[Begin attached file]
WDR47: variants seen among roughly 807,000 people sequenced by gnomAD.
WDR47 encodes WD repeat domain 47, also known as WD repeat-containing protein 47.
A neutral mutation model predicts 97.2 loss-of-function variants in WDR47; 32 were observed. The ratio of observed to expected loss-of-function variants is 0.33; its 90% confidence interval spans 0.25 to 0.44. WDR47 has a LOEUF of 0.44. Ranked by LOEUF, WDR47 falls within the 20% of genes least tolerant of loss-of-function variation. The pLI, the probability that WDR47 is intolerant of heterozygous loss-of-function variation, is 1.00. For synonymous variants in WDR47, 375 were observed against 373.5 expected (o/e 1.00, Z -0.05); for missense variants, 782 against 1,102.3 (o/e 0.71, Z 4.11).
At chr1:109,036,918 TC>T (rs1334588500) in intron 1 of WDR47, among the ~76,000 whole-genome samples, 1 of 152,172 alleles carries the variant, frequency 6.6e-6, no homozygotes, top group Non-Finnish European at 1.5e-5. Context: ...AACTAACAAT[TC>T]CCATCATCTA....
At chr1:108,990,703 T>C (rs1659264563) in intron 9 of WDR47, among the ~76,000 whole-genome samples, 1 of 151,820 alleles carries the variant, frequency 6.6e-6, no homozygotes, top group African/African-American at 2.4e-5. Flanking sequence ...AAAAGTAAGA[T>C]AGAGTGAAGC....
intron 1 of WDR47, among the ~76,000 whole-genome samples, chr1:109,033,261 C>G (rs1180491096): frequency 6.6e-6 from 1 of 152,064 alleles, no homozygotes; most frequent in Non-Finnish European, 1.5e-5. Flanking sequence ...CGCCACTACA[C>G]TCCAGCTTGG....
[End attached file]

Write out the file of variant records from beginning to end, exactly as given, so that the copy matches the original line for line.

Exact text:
WDR47: variants seen among roughly 807,000 people sequenced by gnomAD.
WDR47 encodes WD repeat domain 47, also known as WD repeat-containing protein 47.
A neutral mutation model predicts 97.2 loss-of-function variants in WDR47; 32 were observed. The ratio of observed to expected loss-of-function variants is 0.33; its 90% confidence interval spans 0.25 to 0.44. WDR47 has a LOEUF of 0.44. Ranked by LOEUF, WDR47 falls within the 20% of genes least tolerant of loss-of-function variation. The pLI, the probability that WDR47 is intolerant of heterozygous loss-of-function variation, is 1.00. For synonymous variants in WDR47, 375 were observed against 373.5 expected (o/e 1.00, Z -0.05); for missense variants, 782 against 1,102.3 (o/e 0.71, Z 4.11).
At chr1:109,036,918 TC>T (rs1334588500) in intron 1 of WDR47, among the ~76,000 whole-genome samples, 1 of 152,172 alleles carries the variant, frequency 6.6e-6, no homozygotes, top group Non-Finnish European at 1.5e-5. Context: ...AACTAACAAT[TC>T]CCATCATCTA....
At chr1:108,990,703 T>C (rs1659264563) in intron 9 of WDR47, among the ~76,000 whole-genome samples, 1 of 151,820 alleles carries the variant, frequency 6.6e-6, no homozygotes, top group African/African-American at 2.4e-5. Flanking sequence ...AAAAGTAAGA[T>C]AGAGTGAAGC....
intron 1 of WDR47, among the ~76,000 whole-genome samples, chr1:109,033,261 C>G (rs1180491096): frequency 6.6e-6 from 1 of 152,064 alleles, no homozygotes; most frequent in Non-Finnish European, 1.5e-5. Flanking sequence ...CGCCACTACA[C>G]TCCAGCTTGG....